What is a felony?

A felony is the most serious level of offense in Minnesota. It is defined as any crime that is punishable by more than 1 year in prison. Many felony offenses are subject to mandatory minimum sentences (e.g. certain drug offenses or certain offenses committed with a dangerous weapon). Offenses that are typically categorized as a misdemeanor or gross misdemeanor can become felony-level offenses under statutory enhancement provisions. A sentence can be enhanced to a felony-level based on previous convictions for the same or similar offenses. Minnesota DWI laws are a good example of how a misdemeanor-level offense can be enhanced to a felony. Typically a first-time DWI is sentenced as a misdemeanor. However, if a person has three DWI convictions within the past 10 years, the fourth DWI will be charged as a felony.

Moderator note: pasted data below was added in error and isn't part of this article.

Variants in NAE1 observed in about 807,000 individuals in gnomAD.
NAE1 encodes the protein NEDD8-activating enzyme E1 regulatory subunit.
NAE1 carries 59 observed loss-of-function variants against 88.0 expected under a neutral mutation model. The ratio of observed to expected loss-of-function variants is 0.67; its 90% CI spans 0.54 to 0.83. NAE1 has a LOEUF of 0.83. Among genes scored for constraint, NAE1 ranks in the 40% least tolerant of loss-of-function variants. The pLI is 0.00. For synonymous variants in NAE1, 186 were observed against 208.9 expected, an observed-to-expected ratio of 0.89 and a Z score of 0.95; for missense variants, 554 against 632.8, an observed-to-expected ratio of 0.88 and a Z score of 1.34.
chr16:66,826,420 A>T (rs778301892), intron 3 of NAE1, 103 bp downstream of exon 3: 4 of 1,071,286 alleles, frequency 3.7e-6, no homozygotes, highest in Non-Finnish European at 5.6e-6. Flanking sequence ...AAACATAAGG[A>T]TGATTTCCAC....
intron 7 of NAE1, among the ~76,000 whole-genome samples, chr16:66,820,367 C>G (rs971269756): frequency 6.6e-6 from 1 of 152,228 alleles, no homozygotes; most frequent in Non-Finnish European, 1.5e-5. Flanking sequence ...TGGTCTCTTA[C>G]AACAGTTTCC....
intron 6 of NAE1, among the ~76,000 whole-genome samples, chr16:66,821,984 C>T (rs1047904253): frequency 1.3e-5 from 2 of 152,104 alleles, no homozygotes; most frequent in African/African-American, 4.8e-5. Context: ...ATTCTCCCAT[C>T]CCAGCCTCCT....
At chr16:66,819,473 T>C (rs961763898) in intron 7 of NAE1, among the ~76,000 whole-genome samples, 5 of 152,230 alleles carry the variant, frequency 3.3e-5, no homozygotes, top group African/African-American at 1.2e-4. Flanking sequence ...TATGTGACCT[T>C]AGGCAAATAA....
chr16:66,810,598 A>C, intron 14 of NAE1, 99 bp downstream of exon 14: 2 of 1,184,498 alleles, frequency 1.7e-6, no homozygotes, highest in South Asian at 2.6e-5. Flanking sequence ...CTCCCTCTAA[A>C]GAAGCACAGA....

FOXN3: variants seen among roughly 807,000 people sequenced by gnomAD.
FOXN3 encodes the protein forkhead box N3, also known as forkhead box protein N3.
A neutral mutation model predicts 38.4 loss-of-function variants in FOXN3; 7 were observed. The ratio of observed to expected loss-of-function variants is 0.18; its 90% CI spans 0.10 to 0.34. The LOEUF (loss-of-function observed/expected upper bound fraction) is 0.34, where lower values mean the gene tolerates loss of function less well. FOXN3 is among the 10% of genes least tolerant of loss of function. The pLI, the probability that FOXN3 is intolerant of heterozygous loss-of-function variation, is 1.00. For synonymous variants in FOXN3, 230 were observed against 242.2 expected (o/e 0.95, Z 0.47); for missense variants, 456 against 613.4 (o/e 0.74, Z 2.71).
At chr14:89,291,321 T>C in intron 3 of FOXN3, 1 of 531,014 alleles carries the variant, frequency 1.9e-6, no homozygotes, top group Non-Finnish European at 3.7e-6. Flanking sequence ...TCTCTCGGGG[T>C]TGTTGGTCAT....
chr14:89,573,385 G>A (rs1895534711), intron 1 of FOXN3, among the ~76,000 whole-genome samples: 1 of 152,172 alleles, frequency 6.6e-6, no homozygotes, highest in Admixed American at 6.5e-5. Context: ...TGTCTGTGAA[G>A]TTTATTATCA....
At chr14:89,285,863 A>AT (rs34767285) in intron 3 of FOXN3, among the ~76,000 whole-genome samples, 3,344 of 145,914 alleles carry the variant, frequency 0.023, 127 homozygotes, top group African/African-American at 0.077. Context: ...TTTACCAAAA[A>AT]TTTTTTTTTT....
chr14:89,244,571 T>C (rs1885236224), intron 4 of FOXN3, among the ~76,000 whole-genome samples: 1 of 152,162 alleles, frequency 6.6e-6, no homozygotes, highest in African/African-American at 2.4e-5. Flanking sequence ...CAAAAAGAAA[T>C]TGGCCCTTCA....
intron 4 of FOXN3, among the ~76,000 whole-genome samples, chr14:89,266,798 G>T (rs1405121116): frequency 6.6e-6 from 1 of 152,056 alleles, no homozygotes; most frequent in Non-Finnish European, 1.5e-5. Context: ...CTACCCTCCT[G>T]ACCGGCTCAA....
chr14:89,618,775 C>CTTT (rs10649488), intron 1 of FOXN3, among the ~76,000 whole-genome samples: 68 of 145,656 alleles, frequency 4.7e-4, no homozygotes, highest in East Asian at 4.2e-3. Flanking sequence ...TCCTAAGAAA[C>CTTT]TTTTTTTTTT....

In addition to incarceration and fines, a conviction for a felony-level offense also brings about certain "collateral consequences." Collateral consequences are legal sanctions that follow a criminal conviction. Typical collateral consequences for felony convictions include the following: loss of the right to vote, loss of the right to possess a firearm, the loss of a professional license. For lawful immigrants, a felony conviction can result in the loss of permanent legal residency.